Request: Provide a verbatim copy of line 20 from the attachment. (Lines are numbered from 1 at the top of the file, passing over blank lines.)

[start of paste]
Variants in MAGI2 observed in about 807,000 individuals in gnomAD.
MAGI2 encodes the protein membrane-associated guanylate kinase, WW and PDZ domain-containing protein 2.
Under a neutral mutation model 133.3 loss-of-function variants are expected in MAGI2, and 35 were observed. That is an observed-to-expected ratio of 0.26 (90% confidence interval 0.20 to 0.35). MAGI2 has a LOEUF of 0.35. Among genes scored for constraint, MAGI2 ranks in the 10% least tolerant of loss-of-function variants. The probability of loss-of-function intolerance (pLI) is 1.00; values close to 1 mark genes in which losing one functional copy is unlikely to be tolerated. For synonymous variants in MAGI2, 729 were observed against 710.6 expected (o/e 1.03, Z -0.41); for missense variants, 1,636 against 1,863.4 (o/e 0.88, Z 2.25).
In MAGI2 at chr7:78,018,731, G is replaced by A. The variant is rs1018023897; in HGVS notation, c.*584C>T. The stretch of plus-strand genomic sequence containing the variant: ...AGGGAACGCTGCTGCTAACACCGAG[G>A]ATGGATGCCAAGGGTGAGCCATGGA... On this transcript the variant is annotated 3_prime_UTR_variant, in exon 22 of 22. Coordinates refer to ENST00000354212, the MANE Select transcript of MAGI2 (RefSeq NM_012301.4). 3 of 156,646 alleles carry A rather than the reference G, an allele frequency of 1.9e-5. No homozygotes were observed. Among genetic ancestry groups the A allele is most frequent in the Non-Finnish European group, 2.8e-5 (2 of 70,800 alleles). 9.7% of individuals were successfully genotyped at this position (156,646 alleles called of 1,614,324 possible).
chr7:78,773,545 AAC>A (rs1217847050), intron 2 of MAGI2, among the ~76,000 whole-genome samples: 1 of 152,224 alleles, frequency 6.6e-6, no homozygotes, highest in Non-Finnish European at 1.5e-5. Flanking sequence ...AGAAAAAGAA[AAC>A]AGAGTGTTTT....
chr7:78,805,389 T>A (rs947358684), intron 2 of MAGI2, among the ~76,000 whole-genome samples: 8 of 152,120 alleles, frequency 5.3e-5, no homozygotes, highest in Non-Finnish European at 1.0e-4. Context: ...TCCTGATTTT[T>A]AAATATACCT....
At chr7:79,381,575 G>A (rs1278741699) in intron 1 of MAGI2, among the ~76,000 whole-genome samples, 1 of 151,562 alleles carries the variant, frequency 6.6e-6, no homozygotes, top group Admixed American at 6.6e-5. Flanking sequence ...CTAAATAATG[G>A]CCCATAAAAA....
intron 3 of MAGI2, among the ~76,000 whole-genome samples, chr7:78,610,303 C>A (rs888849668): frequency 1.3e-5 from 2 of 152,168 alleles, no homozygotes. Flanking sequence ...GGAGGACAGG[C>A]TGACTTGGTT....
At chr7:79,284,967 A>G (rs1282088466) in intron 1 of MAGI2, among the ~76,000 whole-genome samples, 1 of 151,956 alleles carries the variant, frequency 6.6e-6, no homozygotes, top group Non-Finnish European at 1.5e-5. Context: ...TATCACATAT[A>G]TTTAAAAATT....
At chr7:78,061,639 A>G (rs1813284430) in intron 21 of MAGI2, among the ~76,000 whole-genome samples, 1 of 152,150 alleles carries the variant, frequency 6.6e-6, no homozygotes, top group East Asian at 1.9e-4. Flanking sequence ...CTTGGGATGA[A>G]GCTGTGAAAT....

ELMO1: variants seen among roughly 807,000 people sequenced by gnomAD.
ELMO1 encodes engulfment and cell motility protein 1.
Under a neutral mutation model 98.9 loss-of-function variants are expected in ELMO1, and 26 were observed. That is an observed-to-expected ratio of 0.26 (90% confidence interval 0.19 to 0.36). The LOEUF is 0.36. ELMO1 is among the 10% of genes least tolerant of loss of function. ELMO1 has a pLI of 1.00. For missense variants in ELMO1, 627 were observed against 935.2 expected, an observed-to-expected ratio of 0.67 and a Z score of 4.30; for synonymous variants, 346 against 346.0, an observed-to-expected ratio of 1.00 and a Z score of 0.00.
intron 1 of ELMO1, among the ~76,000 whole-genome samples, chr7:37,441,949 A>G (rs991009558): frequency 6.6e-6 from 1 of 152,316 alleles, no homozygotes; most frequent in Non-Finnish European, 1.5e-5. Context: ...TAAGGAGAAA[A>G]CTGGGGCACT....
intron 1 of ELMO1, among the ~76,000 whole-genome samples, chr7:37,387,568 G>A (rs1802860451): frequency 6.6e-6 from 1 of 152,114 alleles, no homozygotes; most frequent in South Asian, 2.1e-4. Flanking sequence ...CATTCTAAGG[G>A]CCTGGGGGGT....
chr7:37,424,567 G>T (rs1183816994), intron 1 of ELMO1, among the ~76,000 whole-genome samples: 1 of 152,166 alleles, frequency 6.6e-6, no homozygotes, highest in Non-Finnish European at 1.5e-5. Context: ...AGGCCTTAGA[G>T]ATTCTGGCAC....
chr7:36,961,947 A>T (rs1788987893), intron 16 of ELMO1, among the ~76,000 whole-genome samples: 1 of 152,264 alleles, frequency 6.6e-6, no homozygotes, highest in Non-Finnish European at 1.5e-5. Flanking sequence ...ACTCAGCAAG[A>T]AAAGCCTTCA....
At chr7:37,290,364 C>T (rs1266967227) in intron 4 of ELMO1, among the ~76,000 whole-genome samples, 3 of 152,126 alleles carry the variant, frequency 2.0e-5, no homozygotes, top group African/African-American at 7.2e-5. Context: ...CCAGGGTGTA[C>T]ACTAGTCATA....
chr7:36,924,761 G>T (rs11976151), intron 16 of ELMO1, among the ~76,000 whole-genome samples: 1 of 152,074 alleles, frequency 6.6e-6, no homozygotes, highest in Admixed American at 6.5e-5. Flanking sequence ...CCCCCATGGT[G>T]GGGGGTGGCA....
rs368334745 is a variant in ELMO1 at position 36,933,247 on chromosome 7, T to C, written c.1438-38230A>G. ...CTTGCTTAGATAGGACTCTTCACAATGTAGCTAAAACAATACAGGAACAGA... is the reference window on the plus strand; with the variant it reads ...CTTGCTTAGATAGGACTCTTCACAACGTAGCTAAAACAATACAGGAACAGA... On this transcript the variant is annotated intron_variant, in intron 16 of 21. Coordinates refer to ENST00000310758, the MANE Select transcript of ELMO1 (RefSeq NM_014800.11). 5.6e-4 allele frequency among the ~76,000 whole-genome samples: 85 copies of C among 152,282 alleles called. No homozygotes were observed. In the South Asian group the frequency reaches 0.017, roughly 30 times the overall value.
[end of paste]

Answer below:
rs368334745 is a variant in ELMO1 at position 36,933,247 on chromosome 7, T to C, written c.1438-38230A>G. ...CTTGCTTAGATAGGACTCTTCACAATGTAGCTAAAACAATACAGGAACAGA... is the reference window on the plus strand; with the variant it reads ...CTTGCTTAGATAGGACTCTTCACAACGTAGCTAAAACAATACAGGAACAGA... On this transcript the variant is annotated intron_variant, in intron 16 of 21. Coordinates refer to ENST00000310758, the MANE Select transcript of ELMO1 (RefSeq NM_014800.11). 5.6e-4 allele frequency among the ~76,000 whole-genome samples: 85 copies of C among 152,282 alleles called. No homozygotes were observed. In the South Asian group the frequency reaches 0.017, roughly 30 times the overall value.